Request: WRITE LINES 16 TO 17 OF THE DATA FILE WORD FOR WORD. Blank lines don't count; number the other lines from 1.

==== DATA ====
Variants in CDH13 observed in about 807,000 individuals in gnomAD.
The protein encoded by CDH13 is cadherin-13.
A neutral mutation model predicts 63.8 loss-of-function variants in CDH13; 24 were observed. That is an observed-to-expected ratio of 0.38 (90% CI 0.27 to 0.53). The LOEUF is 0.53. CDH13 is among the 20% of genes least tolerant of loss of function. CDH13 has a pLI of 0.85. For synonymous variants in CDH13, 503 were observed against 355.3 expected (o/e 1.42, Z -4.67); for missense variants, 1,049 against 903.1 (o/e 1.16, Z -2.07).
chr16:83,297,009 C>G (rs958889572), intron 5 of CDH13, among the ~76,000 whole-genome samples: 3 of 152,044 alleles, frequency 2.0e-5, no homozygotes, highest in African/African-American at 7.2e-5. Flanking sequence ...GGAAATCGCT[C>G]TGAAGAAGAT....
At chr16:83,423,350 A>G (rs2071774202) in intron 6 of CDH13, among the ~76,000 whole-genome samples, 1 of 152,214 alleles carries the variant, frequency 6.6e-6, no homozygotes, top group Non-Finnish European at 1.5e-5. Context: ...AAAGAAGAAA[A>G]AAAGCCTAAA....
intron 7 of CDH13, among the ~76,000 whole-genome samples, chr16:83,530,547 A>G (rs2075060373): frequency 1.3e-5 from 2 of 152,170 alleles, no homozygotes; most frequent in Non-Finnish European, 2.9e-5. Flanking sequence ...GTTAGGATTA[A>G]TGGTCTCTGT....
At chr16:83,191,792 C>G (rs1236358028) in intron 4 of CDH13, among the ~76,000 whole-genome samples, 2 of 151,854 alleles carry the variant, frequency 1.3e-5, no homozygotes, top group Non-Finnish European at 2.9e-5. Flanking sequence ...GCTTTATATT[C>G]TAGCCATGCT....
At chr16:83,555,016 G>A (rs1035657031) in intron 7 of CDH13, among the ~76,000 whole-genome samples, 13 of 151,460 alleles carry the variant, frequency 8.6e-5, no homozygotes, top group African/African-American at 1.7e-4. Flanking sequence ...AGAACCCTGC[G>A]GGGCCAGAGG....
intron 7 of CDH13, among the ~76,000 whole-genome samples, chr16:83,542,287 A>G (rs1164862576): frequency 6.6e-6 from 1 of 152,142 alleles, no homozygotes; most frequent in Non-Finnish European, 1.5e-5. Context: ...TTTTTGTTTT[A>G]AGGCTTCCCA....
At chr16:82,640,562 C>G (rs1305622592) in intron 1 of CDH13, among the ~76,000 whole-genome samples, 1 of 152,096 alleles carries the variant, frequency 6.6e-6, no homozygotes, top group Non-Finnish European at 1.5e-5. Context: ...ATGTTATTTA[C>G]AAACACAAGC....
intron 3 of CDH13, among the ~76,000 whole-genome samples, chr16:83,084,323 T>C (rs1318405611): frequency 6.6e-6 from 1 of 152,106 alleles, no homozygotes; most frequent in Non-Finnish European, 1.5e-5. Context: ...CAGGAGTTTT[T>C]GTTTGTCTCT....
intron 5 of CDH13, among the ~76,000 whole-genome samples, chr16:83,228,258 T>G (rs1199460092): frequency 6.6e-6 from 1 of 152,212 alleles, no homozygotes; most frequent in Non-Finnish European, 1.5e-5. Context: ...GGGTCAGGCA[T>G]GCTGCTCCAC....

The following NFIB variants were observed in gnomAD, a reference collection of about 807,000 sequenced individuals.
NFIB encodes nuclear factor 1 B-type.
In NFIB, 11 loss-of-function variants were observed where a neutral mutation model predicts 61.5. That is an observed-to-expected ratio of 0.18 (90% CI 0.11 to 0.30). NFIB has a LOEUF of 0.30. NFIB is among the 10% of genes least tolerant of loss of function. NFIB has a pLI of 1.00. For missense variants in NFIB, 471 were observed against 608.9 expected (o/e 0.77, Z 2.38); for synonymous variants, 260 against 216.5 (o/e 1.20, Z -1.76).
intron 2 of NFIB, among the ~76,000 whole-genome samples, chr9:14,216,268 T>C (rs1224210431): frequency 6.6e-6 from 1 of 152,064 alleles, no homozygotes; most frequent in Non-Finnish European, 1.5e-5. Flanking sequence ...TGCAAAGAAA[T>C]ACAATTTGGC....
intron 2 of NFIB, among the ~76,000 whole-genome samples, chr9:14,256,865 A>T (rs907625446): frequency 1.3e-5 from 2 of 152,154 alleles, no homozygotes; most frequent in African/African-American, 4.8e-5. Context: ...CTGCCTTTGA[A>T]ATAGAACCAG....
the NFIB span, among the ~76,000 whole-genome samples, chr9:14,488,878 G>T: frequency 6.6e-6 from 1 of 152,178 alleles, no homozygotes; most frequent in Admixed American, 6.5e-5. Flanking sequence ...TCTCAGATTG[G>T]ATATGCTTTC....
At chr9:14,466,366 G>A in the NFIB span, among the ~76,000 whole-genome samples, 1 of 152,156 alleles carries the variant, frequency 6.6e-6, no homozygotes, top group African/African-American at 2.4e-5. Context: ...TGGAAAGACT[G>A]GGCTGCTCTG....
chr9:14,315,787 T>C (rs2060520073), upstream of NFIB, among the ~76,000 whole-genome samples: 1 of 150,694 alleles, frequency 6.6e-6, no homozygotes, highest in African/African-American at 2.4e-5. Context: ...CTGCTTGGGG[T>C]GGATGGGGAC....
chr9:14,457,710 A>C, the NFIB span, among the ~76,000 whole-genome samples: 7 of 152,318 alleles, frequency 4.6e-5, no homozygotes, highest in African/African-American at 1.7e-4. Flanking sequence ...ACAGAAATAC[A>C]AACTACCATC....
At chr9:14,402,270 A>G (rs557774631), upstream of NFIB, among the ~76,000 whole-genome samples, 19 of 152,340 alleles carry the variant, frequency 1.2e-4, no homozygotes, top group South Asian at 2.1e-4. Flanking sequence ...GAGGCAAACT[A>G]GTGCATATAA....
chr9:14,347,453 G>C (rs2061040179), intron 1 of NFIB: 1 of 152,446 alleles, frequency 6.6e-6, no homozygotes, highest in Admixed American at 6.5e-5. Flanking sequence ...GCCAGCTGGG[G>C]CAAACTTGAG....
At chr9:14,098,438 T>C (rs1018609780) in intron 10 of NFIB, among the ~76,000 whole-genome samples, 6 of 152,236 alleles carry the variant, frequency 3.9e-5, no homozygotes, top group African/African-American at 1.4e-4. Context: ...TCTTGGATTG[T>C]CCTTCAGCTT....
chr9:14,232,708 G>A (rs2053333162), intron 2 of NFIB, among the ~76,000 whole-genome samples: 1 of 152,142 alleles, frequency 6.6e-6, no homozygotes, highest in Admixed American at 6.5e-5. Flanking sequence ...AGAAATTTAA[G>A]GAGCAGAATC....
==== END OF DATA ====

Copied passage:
intron 2 of NFIB, among the ~76,000 whole-genome samples, chr9:14,216,268 T>C (rs1224210431): frequency 6.6e-6 from 1 of 152,064 alleles, no homozygotes; most frequent in Non-Finnish European, 1.5e-5. Flanking sequence ...TGCAAAGAAA[T>C]ACAATTTGGC....
intron 2 of NFIB, among the ~76,000 whole-genome samples, chr9:14,256,865 A>T (rs907625446): frequency 1.3e-5 from 2 of 152,154 alleles, no homozygotes; most frequent in African/African-American, 4.8e-5. Context: ...CTGCCTTTGA[A>T]ATAGAACCAG....